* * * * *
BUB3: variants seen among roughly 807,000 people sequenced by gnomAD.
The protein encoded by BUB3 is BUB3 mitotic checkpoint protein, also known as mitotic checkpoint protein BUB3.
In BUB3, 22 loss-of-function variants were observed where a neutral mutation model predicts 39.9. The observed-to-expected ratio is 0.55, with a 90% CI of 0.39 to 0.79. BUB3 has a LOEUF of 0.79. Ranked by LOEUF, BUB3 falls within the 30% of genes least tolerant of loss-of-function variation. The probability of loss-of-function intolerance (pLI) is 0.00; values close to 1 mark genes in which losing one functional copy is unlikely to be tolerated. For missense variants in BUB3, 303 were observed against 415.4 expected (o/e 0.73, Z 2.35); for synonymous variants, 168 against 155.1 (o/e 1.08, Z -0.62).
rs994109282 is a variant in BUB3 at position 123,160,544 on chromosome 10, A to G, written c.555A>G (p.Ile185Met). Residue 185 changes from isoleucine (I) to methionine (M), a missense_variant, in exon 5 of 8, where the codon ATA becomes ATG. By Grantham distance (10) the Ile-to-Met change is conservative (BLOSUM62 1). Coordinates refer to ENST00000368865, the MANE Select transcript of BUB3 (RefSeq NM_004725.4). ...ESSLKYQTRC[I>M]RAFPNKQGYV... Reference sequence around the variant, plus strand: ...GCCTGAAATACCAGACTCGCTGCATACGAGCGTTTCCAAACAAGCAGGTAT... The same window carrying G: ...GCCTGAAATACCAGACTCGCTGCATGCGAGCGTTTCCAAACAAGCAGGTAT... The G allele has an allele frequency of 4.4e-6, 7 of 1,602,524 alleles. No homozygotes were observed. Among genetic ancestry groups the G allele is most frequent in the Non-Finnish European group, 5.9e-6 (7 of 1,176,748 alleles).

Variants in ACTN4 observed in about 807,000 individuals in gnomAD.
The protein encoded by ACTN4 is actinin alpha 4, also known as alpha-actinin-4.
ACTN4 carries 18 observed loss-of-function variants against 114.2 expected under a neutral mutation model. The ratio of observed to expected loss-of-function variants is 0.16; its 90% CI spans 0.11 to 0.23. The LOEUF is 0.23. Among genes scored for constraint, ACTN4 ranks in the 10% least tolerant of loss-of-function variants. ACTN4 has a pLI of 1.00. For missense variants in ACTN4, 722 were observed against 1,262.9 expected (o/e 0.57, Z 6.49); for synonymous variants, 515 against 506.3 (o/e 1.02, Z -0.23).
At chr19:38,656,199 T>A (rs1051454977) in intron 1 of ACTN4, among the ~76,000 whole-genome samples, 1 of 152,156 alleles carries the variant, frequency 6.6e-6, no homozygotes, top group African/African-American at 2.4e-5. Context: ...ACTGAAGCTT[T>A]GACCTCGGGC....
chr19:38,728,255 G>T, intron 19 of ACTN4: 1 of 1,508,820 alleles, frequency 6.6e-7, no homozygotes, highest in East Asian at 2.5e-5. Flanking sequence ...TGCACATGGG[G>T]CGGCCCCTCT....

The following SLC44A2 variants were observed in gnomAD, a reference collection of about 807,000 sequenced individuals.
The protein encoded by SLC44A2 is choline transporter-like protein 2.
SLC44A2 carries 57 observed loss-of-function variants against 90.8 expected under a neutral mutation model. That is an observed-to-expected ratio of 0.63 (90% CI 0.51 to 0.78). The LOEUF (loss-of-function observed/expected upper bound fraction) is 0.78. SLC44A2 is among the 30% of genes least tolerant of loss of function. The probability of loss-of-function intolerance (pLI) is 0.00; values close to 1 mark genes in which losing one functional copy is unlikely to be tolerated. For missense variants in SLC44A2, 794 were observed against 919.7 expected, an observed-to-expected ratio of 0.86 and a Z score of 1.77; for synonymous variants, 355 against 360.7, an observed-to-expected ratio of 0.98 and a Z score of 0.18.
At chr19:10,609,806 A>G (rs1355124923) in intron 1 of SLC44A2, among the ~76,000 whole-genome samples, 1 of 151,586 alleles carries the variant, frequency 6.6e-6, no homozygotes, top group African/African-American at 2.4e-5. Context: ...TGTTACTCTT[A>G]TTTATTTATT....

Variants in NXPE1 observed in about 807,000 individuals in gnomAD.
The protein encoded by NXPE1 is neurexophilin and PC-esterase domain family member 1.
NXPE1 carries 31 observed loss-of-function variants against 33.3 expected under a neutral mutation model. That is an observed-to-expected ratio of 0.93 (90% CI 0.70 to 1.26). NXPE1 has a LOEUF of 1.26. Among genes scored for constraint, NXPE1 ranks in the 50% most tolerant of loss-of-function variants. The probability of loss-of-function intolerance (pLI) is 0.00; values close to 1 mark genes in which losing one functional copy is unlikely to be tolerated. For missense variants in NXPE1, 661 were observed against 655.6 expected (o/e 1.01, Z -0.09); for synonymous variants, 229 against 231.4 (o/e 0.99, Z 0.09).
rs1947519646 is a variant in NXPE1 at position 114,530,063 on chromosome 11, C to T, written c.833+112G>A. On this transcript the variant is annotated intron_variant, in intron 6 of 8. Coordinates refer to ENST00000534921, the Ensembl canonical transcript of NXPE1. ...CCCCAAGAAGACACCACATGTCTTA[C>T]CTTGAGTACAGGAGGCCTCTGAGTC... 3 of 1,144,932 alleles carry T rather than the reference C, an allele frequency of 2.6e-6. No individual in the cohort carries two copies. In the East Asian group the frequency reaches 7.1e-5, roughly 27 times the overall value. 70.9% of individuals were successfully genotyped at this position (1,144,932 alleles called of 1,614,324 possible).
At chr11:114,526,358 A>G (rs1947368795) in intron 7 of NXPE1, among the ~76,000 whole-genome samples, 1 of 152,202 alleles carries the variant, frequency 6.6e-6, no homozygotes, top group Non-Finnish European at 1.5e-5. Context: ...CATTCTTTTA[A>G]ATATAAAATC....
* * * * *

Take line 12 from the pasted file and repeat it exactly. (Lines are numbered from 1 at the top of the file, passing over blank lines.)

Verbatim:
SLC44A2 carries 57 observed loss-of-function variants against 90.8 expected under a neutral mutation model. That is an observed-to-expected ratio of 0.63 (90% CI 0.51 to 0.78). The LOEUF (loss-of-function observed/expected upper bound fraction) is 0.78. SLC44A2 is among the 30% of genes least tolerant of loss of function. The probability of loss-of-function intolerance (pLI) is 0.00; values close to 1 mark genes in which losing one functional copy is unlikely to be tolerated. For missense variants in SLC44A2, 794 were observed against 919.7 expected, an observed-to-expected ratio of 0.86 and a Z score of 1.77; for synonymous variants, 355 against 360.7, an observed-to-expected ratio of 0.98 and a Z score of 0.18.